Accounting for Overdiagnosis in Estimating Components of Survival Time in Randomized Cancer Screening Trials
Commonwealth Professor and Chair, Department of Statistics, University of Virginia
Date: Friday, October 29, 2021
Location: JC Gold Room
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Cancer screening is assumed to be beneficial, in terms of reduced mortality and extended survival. Survival is often measured as the time between clinical detection of disease and endpoint (cure or death). When the disease is screen-detected, survival has two additional components: lead time (time by which the screening test advances the time of clinical diagnosis) and benefit time (extended survival time if the screen detection is beneficial). All three components are affected by two effects: length biased sampling (slow-growing cases are more likely to be screen-detected than fast-growing ones) and overdiagnosis (cases that are screen-detected but would never have surfaced clinically in the absence of screening). We quantify both effects in this talk and illustrate their non-trivial impacts on the results from actual randomized cancer screening trials.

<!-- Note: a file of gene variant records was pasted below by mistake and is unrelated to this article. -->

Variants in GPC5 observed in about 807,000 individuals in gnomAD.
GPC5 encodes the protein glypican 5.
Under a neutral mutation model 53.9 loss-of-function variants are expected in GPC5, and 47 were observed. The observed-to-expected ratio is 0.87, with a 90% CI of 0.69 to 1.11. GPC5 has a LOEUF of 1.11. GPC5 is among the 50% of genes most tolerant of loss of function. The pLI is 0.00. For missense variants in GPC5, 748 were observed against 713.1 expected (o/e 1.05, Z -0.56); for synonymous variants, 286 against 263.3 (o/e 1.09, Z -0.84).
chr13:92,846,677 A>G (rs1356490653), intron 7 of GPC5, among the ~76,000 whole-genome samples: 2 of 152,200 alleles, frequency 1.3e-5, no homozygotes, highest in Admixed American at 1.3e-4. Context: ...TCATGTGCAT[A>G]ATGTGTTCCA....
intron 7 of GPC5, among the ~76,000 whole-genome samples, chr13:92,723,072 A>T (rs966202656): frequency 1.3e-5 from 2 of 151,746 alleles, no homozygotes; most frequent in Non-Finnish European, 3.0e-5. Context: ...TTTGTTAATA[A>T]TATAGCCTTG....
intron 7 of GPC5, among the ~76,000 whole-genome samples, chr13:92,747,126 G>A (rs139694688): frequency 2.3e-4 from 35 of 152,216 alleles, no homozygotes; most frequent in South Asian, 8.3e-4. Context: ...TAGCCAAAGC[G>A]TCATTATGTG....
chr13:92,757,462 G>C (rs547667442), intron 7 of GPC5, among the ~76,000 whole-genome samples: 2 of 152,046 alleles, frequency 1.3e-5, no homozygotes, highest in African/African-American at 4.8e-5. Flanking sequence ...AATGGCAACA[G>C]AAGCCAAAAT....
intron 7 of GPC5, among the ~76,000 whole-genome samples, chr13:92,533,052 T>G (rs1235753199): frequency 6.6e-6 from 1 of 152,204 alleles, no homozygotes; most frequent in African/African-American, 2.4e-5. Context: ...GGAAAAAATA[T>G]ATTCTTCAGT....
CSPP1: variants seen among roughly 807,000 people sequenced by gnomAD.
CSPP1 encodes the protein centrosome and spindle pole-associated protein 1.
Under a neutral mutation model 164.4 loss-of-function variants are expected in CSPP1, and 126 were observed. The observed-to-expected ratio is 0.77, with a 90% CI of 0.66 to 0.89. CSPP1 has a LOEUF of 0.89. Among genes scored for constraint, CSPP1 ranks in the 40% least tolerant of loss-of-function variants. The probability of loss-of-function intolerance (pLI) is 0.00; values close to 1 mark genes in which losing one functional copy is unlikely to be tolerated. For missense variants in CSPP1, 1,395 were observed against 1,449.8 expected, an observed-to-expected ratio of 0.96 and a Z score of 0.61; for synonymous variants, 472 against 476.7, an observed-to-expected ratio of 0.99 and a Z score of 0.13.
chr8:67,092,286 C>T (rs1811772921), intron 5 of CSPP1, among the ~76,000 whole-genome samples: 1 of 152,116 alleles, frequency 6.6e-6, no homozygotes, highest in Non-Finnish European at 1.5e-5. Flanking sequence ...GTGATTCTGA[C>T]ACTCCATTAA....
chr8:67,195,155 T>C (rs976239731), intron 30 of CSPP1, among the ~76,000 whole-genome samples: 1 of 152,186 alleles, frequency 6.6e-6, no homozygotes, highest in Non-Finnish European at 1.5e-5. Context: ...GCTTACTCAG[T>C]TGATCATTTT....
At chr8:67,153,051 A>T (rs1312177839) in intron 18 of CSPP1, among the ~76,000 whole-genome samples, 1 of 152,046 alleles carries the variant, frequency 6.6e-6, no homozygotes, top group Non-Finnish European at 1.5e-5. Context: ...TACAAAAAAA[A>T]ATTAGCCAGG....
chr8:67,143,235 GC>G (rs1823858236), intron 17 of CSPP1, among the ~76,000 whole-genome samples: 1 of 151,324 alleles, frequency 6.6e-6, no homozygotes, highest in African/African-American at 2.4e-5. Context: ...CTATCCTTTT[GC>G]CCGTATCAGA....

(This work is performed in collaboration with Dr. Philip C. Prorok, former Chief of the Biometry Research Group, National Cancer Institute.)